## Calculus: Early Transcendentals 8th Edition

$VII$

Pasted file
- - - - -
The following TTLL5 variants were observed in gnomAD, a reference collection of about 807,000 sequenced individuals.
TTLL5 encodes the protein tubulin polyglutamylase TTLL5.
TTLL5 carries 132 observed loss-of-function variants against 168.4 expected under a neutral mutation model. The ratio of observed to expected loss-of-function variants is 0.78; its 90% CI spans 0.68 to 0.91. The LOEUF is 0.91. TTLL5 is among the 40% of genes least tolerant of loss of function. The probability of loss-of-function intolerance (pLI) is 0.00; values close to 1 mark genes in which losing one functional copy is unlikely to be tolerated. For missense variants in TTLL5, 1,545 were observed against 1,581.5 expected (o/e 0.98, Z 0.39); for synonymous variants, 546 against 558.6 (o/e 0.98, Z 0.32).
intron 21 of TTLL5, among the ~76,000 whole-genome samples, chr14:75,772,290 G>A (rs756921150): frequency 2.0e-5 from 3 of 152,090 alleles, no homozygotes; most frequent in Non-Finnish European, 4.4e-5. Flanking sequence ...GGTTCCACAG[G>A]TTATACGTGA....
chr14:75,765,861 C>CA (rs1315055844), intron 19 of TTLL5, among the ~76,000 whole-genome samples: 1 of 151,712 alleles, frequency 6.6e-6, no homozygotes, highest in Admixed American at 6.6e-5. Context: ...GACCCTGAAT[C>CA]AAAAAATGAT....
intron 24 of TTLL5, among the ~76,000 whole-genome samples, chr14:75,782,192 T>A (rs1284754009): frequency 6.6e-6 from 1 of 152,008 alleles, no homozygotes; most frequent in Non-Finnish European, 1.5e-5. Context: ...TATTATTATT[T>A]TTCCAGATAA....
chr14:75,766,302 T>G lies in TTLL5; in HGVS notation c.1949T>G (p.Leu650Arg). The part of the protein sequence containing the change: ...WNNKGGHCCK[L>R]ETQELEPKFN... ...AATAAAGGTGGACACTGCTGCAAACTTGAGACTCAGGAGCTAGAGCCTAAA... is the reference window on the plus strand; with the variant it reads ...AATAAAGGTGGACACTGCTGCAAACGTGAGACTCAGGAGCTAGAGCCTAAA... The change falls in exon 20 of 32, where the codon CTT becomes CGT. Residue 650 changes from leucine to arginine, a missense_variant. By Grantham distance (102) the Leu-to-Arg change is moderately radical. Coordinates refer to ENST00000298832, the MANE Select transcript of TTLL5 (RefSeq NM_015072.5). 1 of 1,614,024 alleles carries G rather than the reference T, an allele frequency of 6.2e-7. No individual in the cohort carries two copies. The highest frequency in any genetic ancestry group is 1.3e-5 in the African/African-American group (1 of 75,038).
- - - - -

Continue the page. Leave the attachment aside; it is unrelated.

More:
The equation $x^{2}+4y^{2}+9z^{2}=1$ is an ellipsoid so, it can be either Figure $IV$ or Figure $VII$. If we write the given equation in the standard form of an ellipsoid centered at the origin, we will have $\frac{x^{2}}{1^{2}}+\frac{4y^{2}}{(1/2)^{2}}+\frac{z^{2}}{(1/3)^{2}}=1$ The numbers $1,1/2$ and $1/3$ are the number of units you go along either side of the $x-, y-$ and $z$-axes, respectively, from the origin, that is, the center of the ellipsoid, to get to the surface of the ellipsoid. In Figure $VII$, the ellipsoid is more elongated along the x-axis and 1 (the number under $x^{2})$ is greater than $1/2$ and $1/3$, so it must be Figure $VII$.